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Peter King On Keanu Neal


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Just a little blurb in Peter King's most recent mailbag wherein he recaps his travels through training camp season. 

http://mmqb.si.com/mmqb/2016/08/23/nfl-training-camp-tour-jacksonville-jaguars-peter-king-mailbag

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• THE PLAYER WHO WILL SURPRISE YOU ALL: Keanu Neal, safety, Atlanta. So, God bless him, Falcons coach Dan Quinn took The MMQB team into his office for 35 minutes on our visit and showed us a little safety tutorial. He showed us some plays from last year, with tight ends and receivers and backs catching intermediate stuff or wheel routes and then turning upfield with room to motor. Then Quinn showed us the Kam Chancellor-sized Neal, there to whack receivers the moment the ball arrived. “I think he’ll make a difference, pretty early,” Quinn said. Looks like it.

 

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I don't know that I saw this article on the board earlier. Also worth a read: http://mmqb.si.com/mmqb/2016/08/04/nfl-training-camps-atlanta-falcons-dan-quinn Gives some insight into long term roster goals and what Quinn is trying do. 

FLOWERY BRANCH, Ga. — The Falcons finished Wednesday’s sticky, steamy, padded practice at noon. Thirty minutes later, Dan Quinn was upstairs in his office, energetically clicking through training camp film as if he hadn’t been standing under the hot Georgia sun for the last two hours. As he pointed out some of the team’s new additions on film, it was clear that “Fast & Physical” is more than just a mantra printed on the back of the Falcons’ T-shirts.

“What I can tell you,” Quinn says, “is that the plan of adding speed to the team was one that was very intentional.”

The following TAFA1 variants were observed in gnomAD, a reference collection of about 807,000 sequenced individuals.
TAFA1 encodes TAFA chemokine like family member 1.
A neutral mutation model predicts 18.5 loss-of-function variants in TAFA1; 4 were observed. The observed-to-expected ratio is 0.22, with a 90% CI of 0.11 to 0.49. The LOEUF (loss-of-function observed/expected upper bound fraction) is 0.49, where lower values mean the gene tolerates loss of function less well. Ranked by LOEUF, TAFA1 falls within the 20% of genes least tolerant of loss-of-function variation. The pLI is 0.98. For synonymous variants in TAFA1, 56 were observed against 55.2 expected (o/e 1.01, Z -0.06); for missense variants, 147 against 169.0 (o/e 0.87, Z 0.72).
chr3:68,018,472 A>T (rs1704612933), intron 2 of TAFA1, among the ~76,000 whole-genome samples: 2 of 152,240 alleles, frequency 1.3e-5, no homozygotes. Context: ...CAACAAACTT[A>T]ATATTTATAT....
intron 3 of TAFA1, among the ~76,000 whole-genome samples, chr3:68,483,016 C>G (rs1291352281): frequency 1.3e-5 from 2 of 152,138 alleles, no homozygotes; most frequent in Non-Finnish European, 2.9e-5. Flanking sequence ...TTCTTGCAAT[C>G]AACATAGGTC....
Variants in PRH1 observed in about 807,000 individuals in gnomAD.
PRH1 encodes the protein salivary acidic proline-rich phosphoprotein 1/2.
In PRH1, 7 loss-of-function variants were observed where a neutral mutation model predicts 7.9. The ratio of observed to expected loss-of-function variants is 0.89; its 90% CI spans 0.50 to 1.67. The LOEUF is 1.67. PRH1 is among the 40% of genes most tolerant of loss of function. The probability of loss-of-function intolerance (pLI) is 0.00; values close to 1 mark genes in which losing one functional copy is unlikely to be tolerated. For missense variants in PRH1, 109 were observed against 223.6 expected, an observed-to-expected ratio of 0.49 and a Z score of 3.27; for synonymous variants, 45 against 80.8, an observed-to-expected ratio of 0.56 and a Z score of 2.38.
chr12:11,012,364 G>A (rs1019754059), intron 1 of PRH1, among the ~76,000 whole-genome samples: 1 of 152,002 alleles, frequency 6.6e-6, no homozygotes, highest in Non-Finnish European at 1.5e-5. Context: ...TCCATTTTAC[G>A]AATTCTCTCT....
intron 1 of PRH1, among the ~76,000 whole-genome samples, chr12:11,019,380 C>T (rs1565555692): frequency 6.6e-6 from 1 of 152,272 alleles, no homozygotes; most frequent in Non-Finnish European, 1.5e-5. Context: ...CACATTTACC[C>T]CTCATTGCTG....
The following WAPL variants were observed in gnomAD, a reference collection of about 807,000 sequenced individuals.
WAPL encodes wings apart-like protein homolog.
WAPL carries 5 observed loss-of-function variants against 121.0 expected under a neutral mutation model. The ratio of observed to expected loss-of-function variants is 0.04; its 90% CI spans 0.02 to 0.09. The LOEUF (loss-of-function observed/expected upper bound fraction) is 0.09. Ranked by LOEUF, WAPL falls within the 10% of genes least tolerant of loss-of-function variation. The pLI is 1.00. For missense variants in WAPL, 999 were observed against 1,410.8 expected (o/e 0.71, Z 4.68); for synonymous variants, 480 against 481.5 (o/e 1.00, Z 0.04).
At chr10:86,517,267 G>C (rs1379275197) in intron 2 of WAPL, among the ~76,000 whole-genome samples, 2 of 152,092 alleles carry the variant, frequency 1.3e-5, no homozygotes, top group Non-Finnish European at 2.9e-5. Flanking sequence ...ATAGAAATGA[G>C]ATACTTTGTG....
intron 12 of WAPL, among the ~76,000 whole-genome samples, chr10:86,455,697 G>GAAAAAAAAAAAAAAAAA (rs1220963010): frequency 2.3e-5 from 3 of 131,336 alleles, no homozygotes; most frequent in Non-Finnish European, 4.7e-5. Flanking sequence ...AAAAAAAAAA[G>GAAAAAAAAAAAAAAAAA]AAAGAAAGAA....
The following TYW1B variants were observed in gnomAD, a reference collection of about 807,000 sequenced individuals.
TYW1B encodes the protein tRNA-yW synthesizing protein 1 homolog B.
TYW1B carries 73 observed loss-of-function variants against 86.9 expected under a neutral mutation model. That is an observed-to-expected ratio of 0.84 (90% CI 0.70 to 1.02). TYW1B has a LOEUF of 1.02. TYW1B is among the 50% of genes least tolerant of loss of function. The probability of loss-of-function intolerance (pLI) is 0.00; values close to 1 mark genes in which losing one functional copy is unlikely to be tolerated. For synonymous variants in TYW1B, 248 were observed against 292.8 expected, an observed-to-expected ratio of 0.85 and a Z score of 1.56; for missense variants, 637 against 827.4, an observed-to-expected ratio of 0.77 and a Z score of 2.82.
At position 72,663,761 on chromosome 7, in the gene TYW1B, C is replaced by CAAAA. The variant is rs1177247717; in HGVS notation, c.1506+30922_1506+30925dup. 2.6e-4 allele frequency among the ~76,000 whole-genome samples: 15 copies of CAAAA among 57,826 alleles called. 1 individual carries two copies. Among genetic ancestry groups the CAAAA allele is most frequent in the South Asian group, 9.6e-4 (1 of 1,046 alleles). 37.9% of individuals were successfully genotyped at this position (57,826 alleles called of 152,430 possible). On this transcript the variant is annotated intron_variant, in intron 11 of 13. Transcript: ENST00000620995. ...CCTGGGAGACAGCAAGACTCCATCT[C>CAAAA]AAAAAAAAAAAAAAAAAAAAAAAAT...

The second-year head coach has learned that putting his imprint on the Falcons is a multi-year process. The priority in Quinn’s first season, he says, was establishing culture inside the building and the locker room. “That was easier to bring to life,” Quinn says. In year two, the focus has been on working with GM Thomas Dimitroff on reshaping the roster in a vision that became clearer after their first year working together.

“It took me a while to find out what guys can and can’t do,” Quinn says of his first season. “I wanted to make sure, what are the unique things the players have on this team, and how can we best feature them? Then we went into this offseason, and we definitely had to make some moves. We said, how can we get faster on defense? We wanted to add pass rush, speed at linebacker and more speed at safety.”

Three of the Falcons’ first draft picks were used on defense, and these are the players Quinn highlighted on a reel of camp cut-ups: safety Keanu Neal (first round), linebacker Deion Jones (second round) and outside linebacker De’Vondre Campbell (fourth round). Neal had a reputation as a big hitter at Florida, but Quinn is also pointing out how he beelines for a receiver as soon as the ball is thrown so that the collision takes place right at the catch. On another play, Jones and Campbell converge on a ballcarrier swiftly from different angles.

It’s a bit unfair to compare Falcons players to the Seahawks stalwarts who personify the defensive system Quinn brought with him from Seattle to Atlanta, but that’s the best way to describe the blueprint for their roles. Neal will be deployed like Kam Chancellor. Derrick Shelby, the former Dolphins defensive lineman they signed in free agency, will play a Michael Bennett-type role. This offseason, Quinn also moved around some of the pieces he already had: Vic Beasley switched from the “Leo” pass-rushing spot to strongside linebacker, and Adrian Clayborn will be used mostly at end because he was more effective outside last season. Dwight Freeney, the 36-year-old free agent expected to arrive in Atlanta to sign a contract Thursday, will be called on as a situational pass rusher to boost a unit that ranked last in the league in sacks last season.

In June, after minicamp, Quinn went on a USO tour to Guam and Hawaii with some of his players and his laptop in tow. He re-watched all the games from the Falcons’ 2015 campaign (in which they started 6-1 but finished at 8-8), cataloguing how many more combinations he can make with the puzzle pieces on defense than he could last year.